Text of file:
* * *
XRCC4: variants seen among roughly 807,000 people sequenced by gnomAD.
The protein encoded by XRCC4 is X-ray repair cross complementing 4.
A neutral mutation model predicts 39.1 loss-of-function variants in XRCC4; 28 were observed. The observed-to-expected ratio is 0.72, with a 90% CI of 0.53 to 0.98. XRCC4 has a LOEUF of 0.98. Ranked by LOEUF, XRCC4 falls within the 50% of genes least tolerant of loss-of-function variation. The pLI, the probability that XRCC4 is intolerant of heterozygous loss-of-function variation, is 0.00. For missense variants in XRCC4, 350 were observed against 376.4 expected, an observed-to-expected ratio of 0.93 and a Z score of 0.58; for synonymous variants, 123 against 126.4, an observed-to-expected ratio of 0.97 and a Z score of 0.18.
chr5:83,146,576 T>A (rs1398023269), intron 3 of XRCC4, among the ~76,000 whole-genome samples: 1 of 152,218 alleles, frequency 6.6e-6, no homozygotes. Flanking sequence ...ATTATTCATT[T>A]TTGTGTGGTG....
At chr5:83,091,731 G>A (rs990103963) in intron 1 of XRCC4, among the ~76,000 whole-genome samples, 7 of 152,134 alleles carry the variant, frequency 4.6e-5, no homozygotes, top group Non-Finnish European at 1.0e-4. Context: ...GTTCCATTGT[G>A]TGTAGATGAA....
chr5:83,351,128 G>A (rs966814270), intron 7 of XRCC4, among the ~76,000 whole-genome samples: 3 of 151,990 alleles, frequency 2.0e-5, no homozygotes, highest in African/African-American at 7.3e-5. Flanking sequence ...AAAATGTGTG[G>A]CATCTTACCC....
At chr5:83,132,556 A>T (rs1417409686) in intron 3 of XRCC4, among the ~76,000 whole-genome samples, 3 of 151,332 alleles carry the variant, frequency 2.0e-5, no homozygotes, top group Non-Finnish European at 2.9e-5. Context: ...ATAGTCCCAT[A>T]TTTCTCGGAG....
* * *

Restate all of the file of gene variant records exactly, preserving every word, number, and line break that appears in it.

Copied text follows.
XRCC4: variants seen among roughly 807,000 people sequenced by gnomAD.
The protein encoded by XRCC4 is X-ray repair cross complementing 4.
A neutral mutation model predicts 39.1 loss-of-function variants in XRCC4; 28 were observed. The observed-to-expected ratio is 0.72, with a 90% CI of 0.53 to 0.98. XRCC4 has a LOEUF of 0.98. Ranked by LOEUF, XRCC4 falls within the 50% of genes least tolerant of loss-of-function variation. The pLI, the probability that XRCC4 is intolerant of heterozygous loss-of-function variation, is 0.00. For missense variants in XRCC4, 350 were observed against 376.4 expected, an observed-to-expected ratio of 0.93 and a Z score of 0.58; for synonymous variants, 123 against 126.4, an observed-to-expected ratio of 0.97 and a Z score of 0.18.
chr5:83,146,576 T>A (rs1398023269), intron 3 of XRCC4, among the ~76,000 whole-genome samples: 1 of 152,218 alleles, frequency 6.6e-6, no homozygotes. Flanking sequence ...ATTATTCATT[T>A]TTGTGTGGTG....
At chr5:83,091,731 G>A (rs990103963) in intron 1 of XRCC4, among the ~76,000 whole-genome samples, 7 of 152,134 alleles carry the variant, frequency 4.6e-5, no homozygotes, top group Non-Finnish European at 1.0e-4. Context: ...GTTCCATTGT[G>A]TGTAGATGAA....
chr5:83,351,128 G>A (rs966814270), intron 7 of XRCC4, among the ~76,000 whole-genome samples: 3 of 151,990 alleles, frequency 2.0e-5, no homozygotes, highest in African/African-American at 7.3e-5. Flanking sequence ...AAAATGTGTG[G>A]CATCTTACCC....
At chr5:83,132,556 A>T (rs1417409686) in intron 3 of XRCC4, among the ~76,000 whole-genome samples, 3 of 151,332 alleles carry the variant, frequency 2.0e-5, no homozygotes, top group Non-Finnish European at 2.9e-5. Context: ...ATAGTCCCAT[A>T]TTTCTCGGAG....